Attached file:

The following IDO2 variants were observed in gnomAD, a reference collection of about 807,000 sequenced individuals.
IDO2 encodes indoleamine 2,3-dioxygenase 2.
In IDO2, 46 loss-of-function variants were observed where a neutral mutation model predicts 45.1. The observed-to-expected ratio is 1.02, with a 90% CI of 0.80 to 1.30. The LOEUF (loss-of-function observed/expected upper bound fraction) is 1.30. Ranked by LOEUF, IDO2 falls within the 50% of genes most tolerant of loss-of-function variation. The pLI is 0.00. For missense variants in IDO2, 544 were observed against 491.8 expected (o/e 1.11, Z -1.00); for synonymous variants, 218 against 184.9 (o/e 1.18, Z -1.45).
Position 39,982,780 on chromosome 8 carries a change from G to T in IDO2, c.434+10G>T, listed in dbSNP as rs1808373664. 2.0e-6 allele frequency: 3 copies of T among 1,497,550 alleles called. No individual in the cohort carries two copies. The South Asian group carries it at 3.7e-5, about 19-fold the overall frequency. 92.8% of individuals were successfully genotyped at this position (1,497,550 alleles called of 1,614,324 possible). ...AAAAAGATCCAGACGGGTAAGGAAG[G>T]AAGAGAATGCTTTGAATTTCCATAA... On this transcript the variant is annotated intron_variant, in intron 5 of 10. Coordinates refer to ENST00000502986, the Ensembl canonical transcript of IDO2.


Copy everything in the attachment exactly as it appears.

The following IDO2 variants were observed in gnomAD, a reference collection of about 807,000 sequenced individuals.
IDO2 encodes indoleamine 2,3-dioxygenase 2.
In IDO2, 46 loss-of-function variants were observed where a neutral mutation model predicts 45.1. The observed-to-expected ratio is 1.02, with a 90% CI of 0.80 to 1.30. The LOEUF (loss-of-function observed/expected upper bound fraction) is 1.30. Ranked by LOEUF, IDO2 falls within the 50% of genes most tolerant of loss-of-function variation. The pLI is 0.00. For missense variants in IDO2, 544 were observed against 491.8 expected (o/e 1.11, Z -1.00); for synonymous variants, 218 against 184.9 (o/e 1.18, Z -1.45).
Position 39,982,780 on chromosome 8 carries a change from G to T in IDO2, c.434+10G>T, listed in dbSNP as rs1808373664. 2.0e-6 allele frequency: 3 copies of T among 1,497,550 alleles called. No individual in the cohort carries two copies. The South Asian group carries it at 3.7e-5, about 19-fold the overall frequency. 92.8% of individuals were successfully genotyped at this position (1,497,550 alleles called of 1,614,324 possible). ...AAAAAGATCCAGACGGGTAAGGAAG[G>T]AAGAGAATGCTTTGAATTTCCATAA... On this transcript the variant is annotated intron_variant, in intron 5 of 10. Coordinates refer to ENST00000502986, the Ensembl canonical transcript of IDO2.